A day or two before Christmas 1871, I said to my mother: "Sam Robaits and John Pugh, and more besides, are going to the Plygain early on Christmas morning to sing carols. May I go with them?" "You may not." was the uncompromising reply. "Why?" I asked again. "Because you are safer in your bed," she said, "and that is quite enough." "They’ll be singing carols there, Mam, and they’re alright." "O, they are, but I know that there will be other things going on apart from singing; it will be better for you to be at home."
And that is why I have never been to a plygain. Thinking about it, I realised that what the boys were talking about was not the singing, still less the worship, but the fun that could be had with some of the girls on the way—in the dark—to Llanddoged and back.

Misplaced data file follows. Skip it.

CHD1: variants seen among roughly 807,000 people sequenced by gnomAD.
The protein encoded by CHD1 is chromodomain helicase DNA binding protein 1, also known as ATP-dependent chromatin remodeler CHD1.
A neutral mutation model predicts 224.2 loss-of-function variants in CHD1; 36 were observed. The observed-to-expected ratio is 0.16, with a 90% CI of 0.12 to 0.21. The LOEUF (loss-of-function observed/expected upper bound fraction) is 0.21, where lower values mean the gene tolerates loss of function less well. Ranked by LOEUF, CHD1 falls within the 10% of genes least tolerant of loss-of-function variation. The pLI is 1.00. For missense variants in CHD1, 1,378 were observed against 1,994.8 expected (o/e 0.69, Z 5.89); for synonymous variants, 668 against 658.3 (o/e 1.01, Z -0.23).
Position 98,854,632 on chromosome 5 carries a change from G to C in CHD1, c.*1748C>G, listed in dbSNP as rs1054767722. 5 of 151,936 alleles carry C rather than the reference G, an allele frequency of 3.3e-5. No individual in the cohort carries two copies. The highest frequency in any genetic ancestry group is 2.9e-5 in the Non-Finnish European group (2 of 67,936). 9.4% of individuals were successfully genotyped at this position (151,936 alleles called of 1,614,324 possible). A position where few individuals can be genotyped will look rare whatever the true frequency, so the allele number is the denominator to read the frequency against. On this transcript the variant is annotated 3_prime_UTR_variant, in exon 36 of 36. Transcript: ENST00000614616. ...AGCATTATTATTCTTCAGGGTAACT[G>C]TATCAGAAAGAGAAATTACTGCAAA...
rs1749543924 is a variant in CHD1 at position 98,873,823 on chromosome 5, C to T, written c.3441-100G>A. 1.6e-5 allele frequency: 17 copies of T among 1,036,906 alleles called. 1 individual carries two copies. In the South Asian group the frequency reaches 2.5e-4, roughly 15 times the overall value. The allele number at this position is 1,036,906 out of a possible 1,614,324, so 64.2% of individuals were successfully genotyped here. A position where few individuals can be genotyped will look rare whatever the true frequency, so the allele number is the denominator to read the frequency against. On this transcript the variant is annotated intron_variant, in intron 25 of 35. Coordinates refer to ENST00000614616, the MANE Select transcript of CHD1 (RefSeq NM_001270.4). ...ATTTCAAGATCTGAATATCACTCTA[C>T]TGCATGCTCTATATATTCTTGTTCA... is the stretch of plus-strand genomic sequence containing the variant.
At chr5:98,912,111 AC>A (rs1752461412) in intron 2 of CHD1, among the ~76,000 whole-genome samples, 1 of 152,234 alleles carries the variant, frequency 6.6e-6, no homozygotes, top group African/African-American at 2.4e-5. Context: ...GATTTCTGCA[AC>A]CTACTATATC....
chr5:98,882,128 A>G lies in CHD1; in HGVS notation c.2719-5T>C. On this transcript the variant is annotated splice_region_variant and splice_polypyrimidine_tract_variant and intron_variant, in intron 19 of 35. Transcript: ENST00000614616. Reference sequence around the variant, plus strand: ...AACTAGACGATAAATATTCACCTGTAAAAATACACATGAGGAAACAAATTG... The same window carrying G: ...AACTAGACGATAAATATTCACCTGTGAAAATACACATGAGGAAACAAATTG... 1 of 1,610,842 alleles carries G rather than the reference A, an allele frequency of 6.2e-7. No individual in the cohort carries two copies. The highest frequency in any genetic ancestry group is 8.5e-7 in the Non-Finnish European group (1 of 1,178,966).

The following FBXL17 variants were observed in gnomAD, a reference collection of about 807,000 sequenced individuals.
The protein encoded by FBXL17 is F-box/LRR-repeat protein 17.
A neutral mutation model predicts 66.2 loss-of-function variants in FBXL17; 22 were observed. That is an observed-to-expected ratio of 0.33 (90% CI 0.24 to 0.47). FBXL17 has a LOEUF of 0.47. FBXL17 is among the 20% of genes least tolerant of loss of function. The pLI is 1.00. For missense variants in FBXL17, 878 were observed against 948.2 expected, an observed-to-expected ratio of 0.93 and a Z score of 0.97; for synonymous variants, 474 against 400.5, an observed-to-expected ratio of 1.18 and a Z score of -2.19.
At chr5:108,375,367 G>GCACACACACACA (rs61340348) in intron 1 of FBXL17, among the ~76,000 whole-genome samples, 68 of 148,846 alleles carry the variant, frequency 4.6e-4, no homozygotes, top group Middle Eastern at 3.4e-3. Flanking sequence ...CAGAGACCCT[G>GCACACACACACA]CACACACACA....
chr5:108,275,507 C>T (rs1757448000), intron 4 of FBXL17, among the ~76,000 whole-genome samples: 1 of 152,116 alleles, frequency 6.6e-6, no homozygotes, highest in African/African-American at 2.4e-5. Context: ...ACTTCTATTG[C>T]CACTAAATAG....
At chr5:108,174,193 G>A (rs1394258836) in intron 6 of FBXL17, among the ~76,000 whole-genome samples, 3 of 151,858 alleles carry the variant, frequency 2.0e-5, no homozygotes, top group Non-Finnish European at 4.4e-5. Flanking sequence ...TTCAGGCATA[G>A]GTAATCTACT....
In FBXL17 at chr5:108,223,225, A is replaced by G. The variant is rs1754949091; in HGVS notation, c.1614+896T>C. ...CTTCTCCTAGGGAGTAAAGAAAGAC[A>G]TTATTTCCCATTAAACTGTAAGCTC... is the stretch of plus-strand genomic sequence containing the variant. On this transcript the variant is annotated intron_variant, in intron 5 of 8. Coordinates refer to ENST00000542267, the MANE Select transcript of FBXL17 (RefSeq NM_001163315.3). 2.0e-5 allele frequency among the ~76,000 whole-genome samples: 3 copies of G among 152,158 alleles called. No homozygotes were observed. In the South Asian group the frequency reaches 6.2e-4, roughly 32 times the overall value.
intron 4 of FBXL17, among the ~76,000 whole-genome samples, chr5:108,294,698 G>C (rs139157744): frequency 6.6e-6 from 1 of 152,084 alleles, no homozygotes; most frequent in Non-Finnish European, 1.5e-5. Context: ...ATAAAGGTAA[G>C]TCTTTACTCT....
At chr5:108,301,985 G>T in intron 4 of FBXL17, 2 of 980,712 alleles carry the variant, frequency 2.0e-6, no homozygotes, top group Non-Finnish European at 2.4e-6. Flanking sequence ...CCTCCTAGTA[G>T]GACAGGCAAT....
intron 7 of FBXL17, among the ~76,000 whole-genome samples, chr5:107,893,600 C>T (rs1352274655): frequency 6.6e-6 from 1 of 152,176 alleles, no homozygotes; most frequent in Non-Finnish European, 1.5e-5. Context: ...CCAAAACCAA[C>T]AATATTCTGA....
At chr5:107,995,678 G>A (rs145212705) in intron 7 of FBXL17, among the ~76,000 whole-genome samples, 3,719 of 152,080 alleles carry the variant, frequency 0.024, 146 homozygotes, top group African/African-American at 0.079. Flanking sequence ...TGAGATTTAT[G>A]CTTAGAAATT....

But most of the older people took the task of singing and remembering the Nativity very seriously. Local rhymesters, as well as some sextons and parsons, would compose new carols for every Christmas; soloists and groups of singers would learn them and as often as not there would be intense rivalry between the singers. I heard my father say that some churches would engage carol singers from other neighbourhoods and pay them for their services.
Although the sexton would be responsible for candles, some of the singers would bring their own in order to have enough light to see the copied scripts from which they would be singing and then, to hold the candles, they would make sure that they brought enough clay to use instead of candlesticks.
J. Lloyd Williams (1854‑1945), ’ Atgofion Tri Chwarter Canrif (’Memories of Three
Quarters of a Century’).
Found in the collection, Y Flwyddyn yng Nghymru (’The Year in Wales’), Cardiff, University of Wales Press, 1943.
Cymraeg / Welsh
Gaeilge / Irish